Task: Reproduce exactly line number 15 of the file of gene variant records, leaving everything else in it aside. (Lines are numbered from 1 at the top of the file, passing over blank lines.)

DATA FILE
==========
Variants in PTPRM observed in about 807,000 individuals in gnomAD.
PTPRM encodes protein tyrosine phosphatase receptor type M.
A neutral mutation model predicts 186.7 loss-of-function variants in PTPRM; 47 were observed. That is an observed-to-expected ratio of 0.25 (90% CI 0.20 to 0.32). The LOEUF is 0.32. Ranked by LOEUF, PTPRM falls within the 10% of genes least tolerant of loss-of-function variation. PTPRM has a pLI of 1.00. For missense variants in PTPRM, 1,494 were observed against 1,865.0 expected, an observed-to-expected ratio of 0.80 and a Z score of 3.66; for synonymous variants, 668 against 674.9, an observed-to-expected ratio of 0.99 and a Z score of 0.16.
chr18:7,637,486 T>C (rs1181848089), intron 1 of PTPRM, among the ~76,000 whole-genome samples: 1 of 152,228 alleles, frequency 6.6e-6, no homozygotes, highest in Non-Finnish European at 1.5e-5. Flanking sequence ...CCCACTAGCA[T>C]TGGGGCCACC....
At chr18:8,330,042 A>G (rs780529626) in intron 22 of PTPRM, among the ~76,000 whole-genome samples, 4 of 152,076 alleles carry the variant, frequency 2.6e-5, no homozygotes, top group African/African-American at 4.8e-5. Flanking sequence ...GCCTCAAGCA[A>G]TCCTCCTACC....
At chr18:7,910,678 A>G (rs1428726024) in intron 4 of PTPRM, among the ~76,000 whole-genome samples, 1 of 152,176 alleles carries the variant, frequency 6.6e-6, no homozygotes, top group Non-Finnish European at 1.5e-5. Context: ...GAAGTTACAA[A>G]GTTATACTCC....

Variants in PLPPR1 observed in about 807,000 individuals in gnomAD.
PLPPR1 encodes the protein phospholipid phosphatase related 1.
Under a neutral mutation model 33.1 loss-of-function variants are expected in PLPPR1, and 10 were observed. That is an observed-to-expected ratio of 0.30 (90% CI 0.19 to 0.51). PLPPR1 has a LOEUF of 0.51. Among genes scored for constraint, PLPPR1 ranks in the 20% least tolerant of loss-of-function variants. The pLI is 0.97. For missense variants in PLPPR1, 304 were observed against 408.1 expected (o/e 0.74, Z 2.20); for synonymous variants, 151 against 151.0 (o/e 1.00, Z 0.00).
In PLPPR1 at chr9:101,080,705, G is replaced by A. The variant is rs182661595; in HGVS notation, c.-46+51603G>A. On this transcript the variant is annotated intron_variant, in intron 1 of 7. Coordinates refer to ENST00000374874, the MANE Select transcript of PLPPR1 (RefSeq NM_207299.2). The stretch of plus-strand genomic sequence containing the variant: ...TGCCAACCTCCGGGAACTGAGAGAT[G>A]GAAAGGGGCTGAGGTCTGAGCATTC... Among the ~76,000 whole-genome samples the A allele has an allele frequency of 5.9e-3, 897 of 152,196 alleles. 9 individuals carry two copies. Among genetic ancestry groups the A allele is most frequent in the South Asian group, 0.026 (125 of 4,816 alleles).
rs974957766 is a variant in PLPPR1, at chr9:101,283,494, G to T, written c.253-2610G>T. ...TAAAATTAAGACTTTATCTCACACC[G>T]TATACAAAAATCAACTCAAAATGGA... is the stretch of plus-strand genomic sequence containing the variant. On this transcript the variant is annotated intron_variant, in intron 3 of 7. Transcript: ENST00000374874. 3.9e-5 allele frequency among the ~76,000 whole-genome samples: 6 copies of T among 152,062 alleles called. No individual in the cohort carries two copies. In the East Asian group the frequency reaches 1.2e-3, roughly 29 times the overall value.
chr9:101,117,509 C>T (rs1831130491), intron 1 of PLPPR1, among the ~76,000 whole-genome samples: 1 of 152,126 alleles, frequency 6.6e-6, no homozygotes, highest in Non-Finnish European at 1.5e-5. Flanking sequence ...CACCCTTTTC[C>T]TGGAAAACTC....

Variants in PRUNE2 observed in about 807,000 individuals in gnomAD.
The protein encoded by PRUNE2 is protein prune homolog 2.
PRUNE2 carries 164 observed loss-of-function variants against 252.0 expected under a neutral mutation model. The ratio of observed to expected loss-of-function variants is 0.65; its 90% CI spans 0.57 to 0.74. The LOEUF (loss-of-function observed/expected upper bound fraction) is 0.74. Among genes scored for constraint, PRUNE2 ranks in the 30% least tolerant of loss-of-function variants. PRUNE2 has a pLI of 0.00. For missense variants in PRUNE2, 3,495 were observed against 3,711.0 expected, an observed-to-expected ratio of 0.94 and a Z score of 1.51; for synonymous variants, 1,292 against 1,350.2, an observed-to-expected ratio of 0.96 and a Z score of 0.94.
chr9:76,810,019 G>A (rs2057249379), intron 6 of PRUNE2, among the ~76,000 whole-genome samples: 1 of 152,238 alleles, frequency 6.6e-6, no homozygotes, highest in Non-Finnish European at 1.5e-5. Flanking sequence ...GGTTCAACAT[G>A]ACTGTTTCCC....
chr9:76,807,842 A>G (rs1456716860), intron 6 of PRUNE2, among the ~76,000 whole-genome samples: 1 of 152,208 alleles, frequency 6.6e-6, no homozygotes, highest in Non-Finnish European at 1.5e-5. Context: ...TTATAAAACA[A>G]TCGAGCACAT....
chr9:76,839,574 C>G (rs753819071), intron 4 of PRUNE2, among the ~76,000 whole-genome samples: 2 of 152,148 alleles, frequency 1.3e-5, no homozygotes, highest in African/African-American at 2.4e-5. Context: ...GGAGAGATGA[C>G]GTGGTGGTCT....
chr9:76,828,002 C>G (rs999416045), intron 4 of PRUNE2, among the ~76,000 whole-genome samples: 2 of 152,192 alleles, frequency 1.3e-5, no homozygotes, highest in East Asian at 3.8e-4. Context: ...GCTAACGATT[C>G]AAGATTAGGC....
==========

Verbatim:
PRUNE2 carries 164 observed loss-of-function variants against 252.0 expected under a neutral mutation model. The ratio of observed to expected loss-of-function variants is 0.65; its 90% CI spans 0.57 to 0.74. The LOEUF (loss-of-function observed/expected upper bound fraction) is 0.74. Among genes scored for constraint, PRUNE2 ranks in the 30% least tolerant of loss-of-function variants. PRUNE2 has a pLI of 0.00. For missense variants in PRUNE2, 3,495 were observed against 3,711.0 expected, an observed-to-expected ratio of 0.94 and a Z score of 1.51; for synonymous variants, 1,292 against 1,350.2, an observed-to-expected ratio of 0.96 and a Z score of 0.94.